“Xi Jingping in perspective and what it means for Asia”
Prof. Hugo de Burgh
University of Westminster
Professore di giornalismo allâ€™UniversitÃ di Westminster e Direttore del China Media Centre da lui fondato presso la stessa UniversitÃ . Precursore degli studi in Europa sul sistema della comunicazione mediatica in Cina, ha effettuato ricerche soprattutto sul giornalismo investigativo, focalizzandosi sullâ€™impatto che ha avuto sui media e sul governo della RPC la trattazione di alcune tematiche particolarmente sensibili, come quella ambientale. Ha ricoperto incarichi accademici presso lâ€™UniversitÃ Qinghua di Pechino, quella Fudan di Shanghai, e la Scuola Internazionale di Giornalismo di Xinan. le sue recenti pubblicazioni includono : Chinaâ€™s media (2016), The west you really donâ€™t know (2013),Â Chinaâ€™s environment (2012), Chinaâ€™s environment journalistsÂ and investigative journalism (2008).Â
MARTEDI 22 NOVEMBRE ALLE 14:00
DIPARTIMENTO ISTITUTO ITALIANO DI STUDI ORIENTALI – ISO
AULA 107 Nuova sede
Scalo San Loreanzo RM21 – Circonvallazione Tiburtina 4, Roma
Organizzato dalla Prof.ssa Marina Miranda e Dott.ssa Giuseppina De Nicola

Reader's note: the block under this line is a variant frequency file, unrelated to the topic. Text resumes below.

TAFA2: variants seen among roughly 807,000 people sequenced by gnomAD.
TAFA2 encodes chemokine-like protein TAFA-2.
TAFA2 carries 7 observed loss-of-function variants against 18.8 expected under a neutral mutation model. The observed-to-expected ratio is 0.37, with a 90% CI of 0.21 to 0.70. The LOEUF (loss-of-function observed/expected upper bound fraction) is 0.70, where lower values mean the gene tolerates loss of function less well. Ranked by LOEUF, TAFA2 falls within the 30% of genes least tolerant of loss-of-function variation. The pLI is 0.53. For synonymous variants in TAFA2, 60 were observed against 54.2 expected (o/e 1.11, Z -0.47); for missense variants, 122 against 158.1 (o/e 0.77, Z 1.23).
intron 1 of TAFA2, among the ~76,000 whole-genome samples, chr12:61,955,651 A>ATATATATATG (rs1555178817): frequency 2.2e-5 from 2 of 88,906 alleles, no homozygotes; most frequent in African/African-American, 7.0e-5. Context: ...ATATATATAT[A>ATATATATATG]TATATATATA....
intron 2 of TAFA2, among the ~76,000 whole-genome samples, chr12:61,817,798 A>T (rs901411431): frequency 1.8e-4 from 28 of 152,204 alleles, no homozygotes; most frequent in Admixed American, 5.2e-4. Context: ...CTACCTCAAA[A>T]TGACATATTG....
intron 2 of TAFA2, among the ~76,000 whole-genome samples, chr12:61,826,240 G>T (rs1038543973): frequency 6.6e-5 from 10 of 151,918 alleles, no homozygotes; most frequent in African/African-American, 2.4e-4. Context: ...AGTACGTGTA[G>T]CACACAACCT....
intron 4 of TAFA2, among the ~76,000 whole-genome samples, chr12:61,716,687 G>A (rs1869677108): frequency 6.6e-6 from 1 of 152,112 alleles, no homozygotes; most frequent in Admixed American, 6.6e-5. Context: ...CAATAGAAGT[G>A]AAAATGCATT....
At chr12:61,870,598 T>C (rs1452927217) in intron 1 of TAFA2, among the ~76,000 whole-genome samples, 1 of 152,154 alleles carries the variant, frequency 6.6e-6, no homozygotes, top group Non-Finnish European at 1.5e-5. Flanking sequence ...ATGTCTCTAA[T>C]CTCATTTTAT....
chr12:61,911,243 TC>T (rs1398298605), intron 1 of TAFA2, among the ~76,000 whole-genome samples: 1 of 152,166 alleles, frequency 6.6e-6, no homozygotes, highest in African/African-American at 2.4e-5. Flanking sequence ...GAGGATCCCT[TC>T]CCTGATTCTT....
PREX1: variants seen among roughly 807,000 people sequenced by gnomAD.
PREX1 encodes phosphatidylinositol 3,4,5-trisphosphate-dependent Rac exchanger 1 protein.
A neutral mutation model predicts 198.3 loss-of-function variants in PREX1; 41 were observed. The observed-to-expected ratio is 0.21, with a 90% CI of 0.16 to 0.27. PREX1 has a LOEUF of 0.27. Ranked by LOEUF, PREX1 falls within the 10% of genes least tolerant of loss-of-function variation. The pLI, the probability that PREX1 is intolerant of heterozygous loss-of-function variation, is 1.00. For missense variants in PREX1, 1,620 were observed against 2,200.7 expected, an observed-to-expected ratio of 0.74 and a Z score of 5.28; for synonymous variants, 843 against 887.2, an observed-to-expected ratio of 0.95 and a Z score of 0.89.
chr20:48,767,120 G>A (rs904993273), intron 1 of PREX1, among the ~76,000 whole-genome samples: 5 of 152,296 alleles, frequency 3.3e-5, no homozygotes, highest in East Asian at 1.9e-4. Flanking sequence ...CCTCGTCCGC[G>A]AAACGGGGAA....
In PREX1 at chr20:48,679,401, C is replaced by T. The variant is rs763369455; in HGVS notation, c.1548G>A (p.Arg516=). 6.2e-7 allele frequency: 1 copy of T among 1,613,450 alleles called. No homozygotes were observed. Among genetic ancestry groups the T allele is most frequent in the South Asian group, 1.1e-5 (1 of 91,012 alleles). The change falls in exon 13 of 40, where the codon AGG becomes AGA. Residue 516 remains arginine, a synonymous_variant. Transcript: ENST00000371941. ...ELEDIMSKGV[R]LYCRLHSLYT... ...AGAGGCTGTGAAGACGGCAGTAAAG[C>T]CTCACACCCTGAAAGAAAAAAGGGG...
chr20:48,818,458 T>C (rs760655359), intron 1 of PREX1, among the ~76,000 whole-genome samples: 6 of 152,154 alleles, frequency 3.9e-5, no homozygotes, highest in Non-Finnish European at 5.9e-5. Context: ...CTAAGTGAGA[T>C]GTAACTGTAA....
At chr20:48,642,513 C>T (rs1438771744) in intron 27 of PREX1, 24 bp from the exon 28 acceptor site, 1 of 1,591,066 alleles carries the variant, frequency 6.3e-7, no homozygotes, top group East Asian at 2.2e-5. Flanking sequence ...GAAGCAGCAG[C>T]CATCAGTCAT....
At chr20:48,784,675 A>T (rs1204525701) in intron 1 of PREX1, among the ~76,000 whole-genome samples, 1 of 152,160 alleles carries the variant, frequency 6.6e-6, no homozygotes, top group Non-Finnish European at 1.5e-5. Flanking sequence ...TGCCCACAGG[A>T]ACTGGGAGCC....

China Media Centre organised a briefing on UK policy development and communication for aÂ group of senior Chinese political editors in May 2015.
The Editors, whose number included the Editor of the journal of the Central Committee of the Communist Party of China, Qiushi,Â visited the UK in order to engage the policy worlds of the English speaking countries in debate on economic, social and constitutional ideas. They were also here to learn how they can promote discussion and contributions to policy-making in China.
Among others, they met Lord Saatchi, Lord Heseltine, the editors of Prospect and The Spectator. They visited think tanks such as the IEA and heard lectures from leading political scientists who specialise in policy generation and communication.
Shanghai Media Group, a leading Chinese communications corporation, sent a delegation of 15 young TV producers and directors to us to learn more about the creative process. Under our guidance they developed four potential programme formats. One proved to be a big weekend entertainment hit, generating enormous advertising revenue for SMG.
In the past, programme development in China was haphazard: there was no system, no structure and no established process to develop an idea into a programme, much less maximise the success of a new format.Â Shanghai Media Group (SMG)Â had heard about UK producers and understood that development â€“ turning an idea into a format â€“ was an established practice in the UK. SMG wanted to learn the techniques to control and shape an idea to highlight its strengths, eliminate flaws and maximise the creativity of the team developing the idea.
They tasked theÂ China Media Centre (CMC)Â with creating a mentoring course that offered both a strategic outlook and practical production techniques, but above all one that taught the members how to develop successful ideas. Read more →